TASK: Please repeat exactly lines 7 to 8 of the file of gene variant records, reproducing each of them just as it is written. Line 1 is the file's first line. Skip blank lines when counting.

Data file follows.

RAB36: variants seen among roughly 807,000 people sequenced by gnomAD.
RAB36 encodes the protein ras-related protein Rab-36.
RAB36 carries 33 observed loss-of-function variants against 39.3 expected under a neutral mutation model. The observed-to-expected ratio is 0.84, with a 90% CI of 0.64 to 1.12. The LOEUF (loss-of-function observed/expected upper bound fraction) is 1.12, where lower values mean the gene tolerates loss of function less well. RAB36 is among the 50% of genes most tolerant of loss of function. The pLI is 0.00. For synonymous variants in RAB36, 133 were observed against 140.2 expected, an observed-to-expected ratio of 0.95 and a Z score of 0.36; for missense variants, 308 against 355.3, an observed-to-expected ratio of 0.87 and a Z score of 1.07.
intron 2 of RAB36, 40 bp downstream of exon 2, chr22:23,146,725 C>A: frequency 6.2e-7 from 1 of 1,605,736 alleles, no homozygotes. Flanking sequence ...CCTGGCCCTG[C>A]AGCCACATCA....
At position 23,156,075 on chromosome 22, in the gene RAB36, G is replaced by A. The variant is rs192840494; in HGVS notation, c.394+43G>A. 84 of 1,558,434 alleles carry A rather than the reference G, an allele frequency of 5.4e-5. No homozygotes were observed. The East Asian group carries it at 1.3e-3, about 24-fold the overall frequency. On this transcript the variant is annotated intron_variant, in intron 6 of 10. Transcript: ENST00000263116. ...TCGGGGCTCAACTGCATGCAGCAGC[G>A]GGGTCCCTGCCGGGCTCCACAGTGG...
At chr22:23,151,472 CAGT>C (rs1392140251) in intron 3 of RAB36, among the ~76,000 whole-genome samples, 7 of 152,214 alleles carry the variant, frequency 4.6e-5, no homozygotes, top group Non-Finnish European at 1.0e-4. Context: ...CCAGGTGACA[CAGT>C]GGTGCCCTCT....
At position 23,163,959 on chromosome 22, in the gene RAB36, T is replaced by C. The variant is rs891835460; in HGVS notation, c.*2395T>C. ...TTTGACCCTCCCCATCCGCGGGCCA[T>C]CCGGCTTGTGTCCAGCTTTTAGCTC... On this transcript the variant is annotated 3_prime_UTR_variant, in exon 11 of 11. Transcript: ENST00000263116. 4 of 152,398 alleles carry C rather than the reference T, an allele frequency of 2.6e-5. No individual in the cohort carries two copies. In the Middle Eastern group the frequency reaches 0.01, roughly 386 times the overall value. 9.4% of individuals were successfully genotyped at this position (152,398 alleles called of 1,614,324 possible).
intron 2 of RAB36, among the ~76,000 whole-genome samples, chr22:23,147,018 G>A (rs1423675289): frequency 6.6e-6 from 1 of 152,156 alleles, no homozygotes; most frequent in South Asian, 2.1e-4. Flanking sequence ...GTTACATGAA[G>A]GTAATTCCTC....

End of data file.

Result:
At position 23,163,959 on chromosome 22, in the gene RAB36, T is replaced by C. The variant is rs891835460; in HGVS notation, c.*2395T>C. ...TTTGACCCTCCCCATCCGCGGGCCA[T>C]CCGGCTTGTGTCCAGCTTTTAGCTC... On this transcript the variant is annotated 3_prime_UTR_variant, in exon 11 of 11. Transcript: ENST00000263116. 4 of 152,398 alleles carry C rather than the reference T, an allele frequency of 2.6e-5. No individual in the cohort carries two copies. In the Middle Eastern group the frequency reaches 0.01, roughly 386 times the overall value. 9.4% of individuals were successfully genotyped at this position (152,398 alleles called of 1,614,324 possible).
intron 2 of RAB36, among the ~76,000 whole-genome samples, chr22:23,147,018 G>A (rs1423675289): frequency 6.6e-6 from 1 of 152,156 alleles, no homozygotes; most frequent in South Asian, 2.1e-4. Flanking sequence ...GTTACATGAA[G>A]GTAATTCCTC....